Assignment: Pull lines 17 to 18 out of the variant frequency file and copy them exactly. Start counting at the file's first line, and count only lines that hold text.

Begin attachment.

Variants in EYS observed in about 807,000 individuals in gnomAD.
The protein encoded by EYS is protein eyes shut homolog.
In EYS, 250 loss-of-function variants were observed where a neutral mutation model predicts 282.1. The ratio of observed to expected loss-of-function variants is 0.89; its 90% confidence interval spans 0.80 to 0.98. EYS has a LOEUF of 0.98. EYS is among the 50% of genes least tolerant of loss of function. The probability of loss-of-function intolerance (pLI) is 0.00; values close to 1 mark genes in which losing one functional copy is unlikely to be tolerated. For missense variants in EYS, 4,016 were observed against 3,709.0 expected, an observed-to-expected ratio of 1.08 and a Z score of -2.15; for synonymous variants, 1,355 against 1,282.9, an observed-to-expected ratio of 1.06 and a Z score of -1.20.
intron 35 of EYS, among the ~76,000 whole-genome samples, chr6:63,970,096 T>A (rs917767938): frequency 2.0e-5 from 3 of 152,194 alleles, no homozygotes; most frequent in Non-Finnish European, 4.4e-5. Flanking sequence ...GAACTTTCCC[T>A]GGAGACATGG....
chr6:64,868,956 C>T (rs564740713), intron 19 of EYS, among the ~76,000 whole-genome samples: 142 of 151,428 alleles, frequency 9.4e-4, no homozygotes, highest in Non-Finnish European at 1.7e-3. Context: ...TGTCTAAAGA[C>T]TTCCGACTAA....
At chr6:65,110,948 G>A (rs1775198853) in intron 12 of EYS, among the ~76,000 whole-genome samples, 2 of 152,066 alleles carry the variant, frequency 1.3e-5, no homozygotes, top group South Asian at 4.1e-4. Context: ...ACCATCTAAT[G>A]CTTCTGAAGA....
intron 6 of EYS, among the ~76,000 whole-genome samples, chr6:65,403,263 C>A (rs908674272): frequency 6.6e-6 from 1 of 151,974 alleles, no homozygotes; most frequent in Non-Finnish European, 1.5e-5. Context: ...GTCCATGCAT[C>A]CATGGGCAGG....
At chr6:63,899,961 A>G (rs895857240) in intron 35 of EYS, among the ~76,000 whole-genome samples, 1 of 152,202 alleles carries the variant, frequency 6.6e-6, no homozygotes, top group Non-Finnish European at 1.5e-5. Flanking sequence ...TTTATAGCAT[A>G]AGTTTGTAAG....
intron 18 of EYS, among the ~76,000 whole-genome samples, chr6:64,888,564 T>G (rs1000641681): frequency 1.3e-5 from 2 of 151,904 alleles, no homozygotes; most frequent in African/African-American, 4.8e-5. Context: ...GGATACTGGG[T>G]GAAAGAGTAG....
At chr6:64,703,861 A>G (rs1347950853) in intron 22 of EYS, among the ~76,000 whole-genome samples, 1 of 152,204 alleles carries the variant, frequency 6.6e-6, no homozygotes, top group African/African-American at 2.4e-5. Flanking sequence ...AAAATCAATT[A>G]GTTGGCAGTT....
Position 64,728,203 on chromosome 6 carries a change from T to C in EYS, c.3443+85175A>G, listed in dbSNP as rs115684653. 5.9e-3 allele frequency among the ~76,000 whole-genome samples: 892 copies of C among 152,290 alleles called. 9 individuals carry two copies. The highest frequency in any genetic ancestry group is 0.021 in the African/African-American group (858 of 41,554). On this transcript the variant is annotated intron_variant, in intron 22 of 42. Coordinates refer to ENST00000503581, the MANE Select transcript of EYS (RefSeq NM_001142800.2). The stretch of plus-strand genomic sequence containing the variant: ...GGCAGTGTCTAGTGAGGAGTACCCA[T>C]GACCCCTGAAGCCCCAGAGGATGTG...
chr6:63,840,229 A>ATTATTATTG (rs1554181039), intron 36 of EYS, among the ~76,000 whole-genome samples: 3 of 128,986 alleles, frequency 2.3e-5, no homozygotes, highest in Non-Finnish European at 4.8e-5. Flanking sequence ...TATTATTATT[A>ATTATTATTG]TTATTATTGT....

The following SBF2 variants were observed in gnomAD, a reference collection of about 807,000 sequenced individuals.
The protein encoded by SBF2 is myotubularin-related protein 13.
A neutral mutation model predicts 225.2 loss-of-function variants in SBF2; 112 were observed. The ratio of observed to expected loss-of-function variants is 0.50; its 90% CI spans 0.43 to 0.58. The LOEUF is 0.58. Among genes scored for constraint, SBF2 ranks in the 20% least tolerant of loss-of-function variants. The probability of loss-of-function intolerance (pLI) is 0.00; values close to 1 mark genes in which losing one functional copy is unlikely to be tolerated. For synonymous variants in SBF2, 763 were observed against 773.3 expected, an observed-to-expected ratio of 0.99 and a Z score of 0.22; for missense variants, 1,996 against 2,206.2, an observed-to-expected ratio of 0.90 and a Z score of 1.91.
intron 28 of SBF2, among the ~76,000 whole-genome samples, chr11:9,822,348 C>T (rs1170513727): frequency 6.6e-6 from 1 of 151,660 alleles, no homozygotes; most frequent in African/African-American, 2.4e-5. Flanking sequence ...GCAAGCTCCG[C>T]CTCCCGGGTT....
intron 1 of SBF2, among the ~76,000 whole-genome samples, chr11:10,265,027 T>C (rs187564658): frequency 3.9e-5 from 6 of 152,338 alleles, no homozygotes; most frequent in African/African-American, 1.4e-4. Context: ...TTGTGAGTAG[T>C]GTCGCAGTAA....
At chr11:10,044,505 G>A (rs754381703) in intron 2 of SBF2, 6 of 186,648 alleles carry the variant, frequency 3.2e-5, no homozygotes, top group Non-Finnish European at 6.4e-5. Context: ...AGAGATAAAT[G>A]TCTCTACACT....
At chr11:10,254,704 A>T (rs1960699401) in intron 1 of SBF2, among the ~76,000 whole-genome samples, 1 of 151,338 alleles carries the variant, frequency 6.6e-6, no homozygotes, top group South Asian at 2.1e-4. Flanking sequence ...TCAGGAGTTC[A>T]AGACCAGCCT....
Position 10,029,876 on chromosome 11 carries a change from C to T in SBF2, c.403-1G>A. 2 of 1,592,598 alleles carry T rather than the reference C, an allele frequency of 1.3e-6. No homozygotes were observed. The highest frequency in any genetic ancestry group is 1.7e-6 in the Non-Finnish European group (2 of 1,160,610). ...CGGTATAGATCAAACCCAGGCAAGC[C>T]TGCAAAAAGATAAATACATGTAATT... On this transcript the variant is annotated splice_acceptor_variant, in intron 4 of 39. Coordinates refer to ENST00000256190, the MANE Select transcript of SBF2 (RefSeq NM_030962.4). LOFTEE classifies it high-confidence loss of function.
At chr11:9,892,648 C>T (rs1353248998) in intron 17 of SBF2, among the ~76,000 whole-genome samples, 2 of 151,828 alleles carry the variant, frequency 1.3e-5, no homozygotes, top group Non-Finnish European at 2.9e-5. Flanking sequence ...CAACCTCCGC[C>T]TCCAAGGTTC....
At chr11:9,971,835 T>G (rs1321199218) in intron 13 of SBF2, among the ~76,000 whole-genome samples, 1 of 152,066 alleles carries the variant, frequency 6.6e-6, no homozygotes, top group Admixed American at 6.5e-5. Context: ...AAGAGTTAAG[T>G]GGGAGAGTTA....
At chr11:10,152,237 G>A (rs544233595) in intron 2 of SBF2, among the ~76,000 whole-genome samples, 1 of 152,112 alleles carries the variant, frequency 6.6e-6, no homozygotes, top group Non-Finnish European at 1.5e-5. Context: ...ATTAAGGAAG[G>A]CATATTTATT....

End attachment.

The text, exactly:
intron 1 of SBF2, among the ~76,000 whole-genome samples, chr11:10,265,027 T>C (rs187564658): frequency 3.9e-5 from 6 of 152,338 alleles, no homozygotes; most frequent in African/African-American, 1.4e-4. Context: ...TTGTGAGTAG[T>C]GTCGCAGTAA....
At chr11:10,044,505 G>A (rs754381703) in intron 2 of SBF2, 6 of 186,648 alleles carry the variant, frequency 3.2e-5, no homozygotes, top group Non-Finnish European at 6.4e-5. Context: ...AGAGATAAAT[G>A]TCTCTACACT....